Saturday, June 30, 2012

The Shape of Mercy by Susan Meissner

Published in 2008 by WaterBrook Press. 307 pages.
2009 Salt Lake County Library's Reader's Choice.

I chose The Shape of Mercy, which had been on my to-read list since 2009, as the June read for Natalie's Book Club. Only three of the group members read the book, but the six of us who were able to meet for lunch earlier this week still had a great discussion.

Back row (l-r) - Sue, Natalie, Holly.
Front row (l-r) - Leslie, Alison, Linda.

Like Katherine Howe's The Physick Book of Deliverance Dane, this novel alternates between a contemporary storyline and one set during the Salem witch trials - which I find to be a fascinating time in history. It tells of the lives of three women - Lauren, a young college student, who goes to work for Abigail, an elderly librarian, to transcribe the diary of Mercy, a woman accused as a witch in 1692. The historical aspects actually seemed to be better developed, even though that story is told only through sparse diary entries.

A work of Christian fiction, The Shape of Mercy addresses the important theme of judgment. I think I agree with a member of the book group who described the moral message as "a little heavy-handed" - but it also provided me with good food for thought. What assumptions do I make about other people? How does that affect my ability to connect with or compassionately serve them? Do my judgments ever harm others?

Just today I discovered that Susan Meissner wrote a blog from October 2008 to November 2010 related to The Shape of Mercy. (You can find it here.) As explained in the first post of the blog:
Have you ever wished the characters you've read about in a book lived on after you turned the last page, that you had a backstage pass to their lives beyond the confines of the book's pages?

Here on The Shape of Mercy blog, Lauren, Abigail, Clarissa [a secondary character], and even Mercy, will live on in posts that will appear on Mondays and Fridays. We begin where the book left off.
What a fun concept!

A day or two before the book group meeting, I jotted down some possible discussion questions while I waited at the auto repair shop for my car. We considered some but not all of these at our lunch. (NOTE: I don't consider any of the questions to necessarily be "spoilers" - but if you, like my friend Chelsea, don't want to know much about a book before reading it, come back later to read the questions.)
  • What did you think of the title? Consider the implications of the word shape as well as those of mercy. What do you think Meissner was trying to say in the novel about "the shape of mercy"?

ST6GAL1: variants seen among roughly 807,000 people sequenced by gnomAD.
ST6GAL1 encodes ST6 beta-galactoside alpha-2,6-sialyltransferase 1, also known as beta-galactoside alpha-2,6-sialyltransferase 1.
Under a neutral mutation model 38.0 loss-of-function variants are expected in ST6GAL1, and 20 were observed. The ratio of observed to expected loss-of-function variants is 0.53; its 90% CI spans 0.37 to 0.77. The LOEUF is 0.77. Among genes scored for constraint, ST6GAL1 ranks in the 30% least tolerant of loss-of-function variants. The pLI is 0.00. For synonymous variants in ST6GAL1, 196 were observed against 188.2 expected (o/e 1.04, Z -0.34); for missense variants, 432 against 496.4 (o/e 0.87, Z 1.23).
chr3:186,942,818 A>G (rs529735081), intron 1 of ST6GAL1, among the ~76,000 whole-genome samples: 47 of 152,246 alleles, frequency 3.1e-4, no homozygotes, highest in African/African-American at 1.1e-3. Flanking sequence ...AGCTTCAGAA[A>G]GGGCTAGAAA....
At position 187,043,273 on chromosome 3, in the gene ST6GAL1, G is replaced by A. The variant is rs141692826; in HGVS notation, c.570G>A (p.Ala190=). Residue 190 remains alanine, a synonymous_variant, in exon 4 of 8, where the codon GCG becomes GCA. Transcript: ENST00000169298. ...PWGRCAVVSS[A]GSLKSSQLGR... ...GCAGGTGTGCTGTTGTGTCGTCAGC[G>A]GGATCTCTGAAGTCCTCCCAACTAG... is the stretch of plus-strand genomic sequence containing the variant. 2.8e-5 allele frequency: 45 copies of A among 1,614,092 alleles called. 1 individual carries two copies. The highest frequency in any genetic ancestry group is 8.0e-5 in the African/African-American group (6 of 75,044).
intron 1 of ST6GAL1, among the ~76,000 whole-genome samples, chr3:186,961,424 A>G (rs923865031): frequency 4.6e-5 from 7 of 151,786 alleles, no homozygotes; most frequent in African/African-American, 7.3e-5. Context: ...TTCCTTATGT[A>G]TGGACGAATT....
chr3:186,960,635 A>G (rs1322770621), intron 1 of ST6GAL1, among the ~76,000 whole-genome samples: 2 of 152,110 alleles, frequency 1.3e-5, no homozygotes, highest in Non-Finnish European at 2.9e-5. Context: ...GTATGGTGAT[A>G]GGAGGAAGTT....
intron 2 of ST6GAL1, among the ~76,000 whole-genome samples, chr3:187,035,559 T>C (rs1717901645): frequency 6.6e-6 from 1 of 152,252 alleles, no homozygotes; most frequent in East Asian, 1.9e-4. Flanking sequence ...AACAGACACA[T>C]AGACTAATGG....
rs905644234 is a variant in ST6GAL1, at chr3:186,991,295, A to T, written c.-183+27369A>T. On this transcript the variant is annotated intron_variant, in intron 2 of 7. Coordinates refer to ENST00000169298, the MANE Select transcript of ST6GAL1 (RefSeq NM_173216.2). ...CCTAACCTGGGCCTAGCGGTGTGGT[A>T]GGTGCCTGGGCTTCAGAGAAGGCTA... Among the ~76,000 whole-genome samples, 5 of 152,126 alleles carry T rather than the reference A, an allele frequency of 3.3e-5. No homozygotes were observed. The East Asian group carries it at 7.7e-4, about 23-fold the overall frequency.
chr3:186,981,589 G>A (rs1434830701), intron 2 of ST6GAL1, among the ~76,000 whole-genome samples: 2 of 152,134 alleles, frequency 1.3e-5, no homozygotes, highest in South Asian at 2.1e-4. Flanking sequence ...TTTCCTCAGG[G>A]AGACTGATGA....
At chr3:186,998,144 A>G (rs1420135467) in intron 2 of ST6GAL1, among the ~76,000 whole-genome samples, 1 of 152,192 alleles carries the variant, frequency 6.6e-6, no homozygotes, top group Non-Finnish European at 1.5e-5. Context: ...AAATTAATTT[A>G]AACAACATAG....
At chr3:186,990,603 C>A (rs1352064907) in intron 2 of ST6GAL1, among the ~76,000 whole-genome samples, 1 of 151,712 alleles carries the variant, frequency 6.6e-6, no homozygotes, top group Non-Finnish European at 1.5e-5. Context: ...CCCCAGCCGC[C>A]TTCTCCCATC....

• Comment on the theme of judgment. Did the juxtaposition of the two storylines as illustration of this theme work for you?

  • How much did you know about the Salem witch trials before you started reading this book? What did you think about Abigail's requirement that Lauren not research anything about the trials while she was transcribing the diary? Why do you think Abigail did that?

  • Did Mercy's story's ring true to you? What did you think about its conclusion? Was it satisfying to you on both an intellectual and an emotional level?

  • Were you surprised to discover why Abigail had chosen not to marry the man she man she loved? [By the way, I am almost always surprised by such "revelations" - but one book club member said it was quite obvious.] How do their circumstances further illustrate the theme of judgment?

  • What similarities and what differences do you see among the three main characters of the novel - Mercy, Abigail, and Lauren?

  • Comment on the quality of "Christian fiction." Among things to consider: Are excellence in writing and "cleanliness" mutually exclusive in modern works of fiction? Can a book have a positive moral message without being overly focused on religious practice? Why does much fiction ignore the spiritual or religious lives of people? [By the way, I frequently avoid Christian fiction because my experience has generally been that the writing is not stellar. I'm always pleased to find a novel - such as The Secret Life of Bees - that enhances my spiritual understanding without sacrificing superb writing.]

  • Do you love the feelings behind the following passage from the book as much as I do?
    In the beginning, I [Lauren] chalked up [Abigail's] talkative moods to being a retired librarian who missed being around people who loved books. I suppose that was a small part of it. But there were other reasons Abigail pounced on any opportunity to discuss a book we had both read. Dissecting a book was the same as making sense of life. You have to find a way to interpret life, or you'll go nuts. That's her way. It is also mine.

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